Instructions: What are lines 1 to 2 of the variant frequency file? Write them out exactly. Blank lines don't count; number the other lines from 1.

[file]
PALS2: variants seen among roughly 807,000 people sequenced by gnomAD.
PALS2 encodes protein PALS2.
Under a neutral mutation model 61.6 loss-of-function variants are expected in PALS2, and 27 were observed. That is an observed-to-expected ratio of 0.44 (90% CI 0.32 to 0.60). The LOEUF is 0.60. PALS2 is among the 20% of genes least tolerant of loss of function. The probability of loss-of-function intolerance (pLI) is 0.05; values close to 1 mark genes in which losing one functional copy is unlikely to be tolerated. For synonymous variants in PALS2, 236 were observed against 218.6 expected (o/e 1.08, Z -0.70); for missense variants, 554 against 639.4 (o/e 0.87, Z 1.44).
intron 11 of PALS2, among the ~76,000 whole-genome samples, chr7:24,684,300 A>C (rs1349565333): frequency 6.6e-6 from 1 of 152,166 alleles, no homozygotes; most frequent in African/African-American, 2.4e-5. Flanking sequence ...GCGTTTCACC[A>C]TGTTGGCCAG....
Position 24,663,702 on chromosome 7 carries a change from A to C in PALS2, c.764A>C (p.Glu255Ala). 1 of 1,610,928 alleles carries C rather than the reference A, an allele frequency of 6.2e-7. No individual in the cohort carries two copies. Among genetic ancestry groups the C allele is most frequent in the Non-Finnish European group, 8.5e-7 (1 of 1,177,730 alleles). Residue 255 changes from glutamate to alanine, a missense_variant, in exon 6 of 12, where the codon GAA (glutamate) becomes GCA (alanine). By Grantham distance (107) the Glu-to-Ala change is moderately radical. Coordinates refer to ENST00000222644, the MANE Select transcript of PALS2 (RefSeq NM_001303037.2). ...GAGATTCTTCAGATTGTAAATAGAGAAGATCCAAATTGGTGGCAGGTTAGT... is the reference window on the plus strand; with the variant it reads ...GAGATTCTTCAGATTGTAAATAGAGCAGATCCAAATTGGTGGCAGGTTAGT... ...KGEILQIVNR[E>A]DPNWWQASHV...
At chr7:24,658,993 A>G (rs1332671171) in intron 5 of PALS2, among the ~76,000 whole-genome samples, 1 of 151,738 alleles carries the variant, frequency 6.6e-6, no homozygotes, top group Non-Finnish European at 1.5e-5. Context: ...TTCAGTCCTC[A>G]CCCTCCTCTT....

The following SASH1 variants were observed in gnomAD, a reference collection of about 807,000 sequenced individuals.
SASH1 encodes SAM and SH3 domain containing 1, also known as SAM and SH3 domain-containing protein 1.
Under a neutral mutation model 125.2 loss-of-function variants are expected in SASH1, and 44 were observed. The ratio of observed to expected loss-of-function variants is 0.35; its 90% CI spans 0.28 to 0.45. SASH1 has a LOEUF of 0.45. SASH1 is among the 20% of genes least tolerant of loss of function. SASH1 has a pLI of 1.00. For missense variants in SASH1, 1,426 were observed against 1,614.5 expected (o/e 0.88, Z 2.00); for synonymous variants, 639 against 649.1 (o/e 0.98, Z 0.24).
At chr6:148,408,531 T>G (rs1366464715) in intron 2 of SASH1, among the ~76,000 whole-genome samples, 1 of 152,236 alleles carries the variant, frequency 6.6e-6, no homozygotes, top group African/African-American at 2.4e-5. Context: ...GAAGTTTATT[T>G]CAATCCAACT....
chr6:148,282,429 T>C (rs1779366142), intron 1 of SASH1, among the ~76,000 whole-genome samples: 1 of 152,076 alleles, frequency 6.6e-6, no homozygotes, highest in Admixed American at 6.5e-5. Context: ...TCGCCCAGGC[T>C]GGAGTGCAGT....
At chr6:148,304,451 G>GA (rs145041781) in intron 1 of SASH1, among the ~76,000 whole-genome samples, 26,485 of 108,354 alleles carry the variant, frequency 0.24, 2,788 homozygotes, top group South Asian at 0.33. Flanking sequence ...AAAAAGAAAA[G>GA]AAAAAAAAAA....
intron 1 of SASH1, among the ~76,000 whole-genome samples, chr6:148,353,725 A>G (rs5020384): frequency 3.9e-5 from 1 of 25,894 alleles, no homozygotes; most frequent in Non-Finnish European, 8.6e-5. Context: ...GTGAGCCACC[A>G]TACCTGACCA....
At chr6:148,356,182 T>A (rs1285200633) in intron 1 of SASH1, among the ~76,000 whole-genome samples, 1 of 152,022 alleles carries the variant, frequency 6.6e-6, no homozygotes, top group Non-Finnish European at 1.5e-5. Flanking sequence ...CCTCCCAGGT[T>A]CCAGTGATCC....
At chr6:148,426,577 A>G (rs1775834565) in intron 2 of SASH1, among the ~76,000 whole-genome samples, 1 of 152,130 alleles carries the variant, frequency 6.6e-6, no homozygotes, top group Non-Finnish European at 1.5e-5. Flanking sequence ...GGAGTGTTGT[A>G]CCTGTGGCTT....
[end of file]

PALS2: variants seen among roughly 807,000 people sequenced by gnomAD.
PALS2 encodes protein PALS2.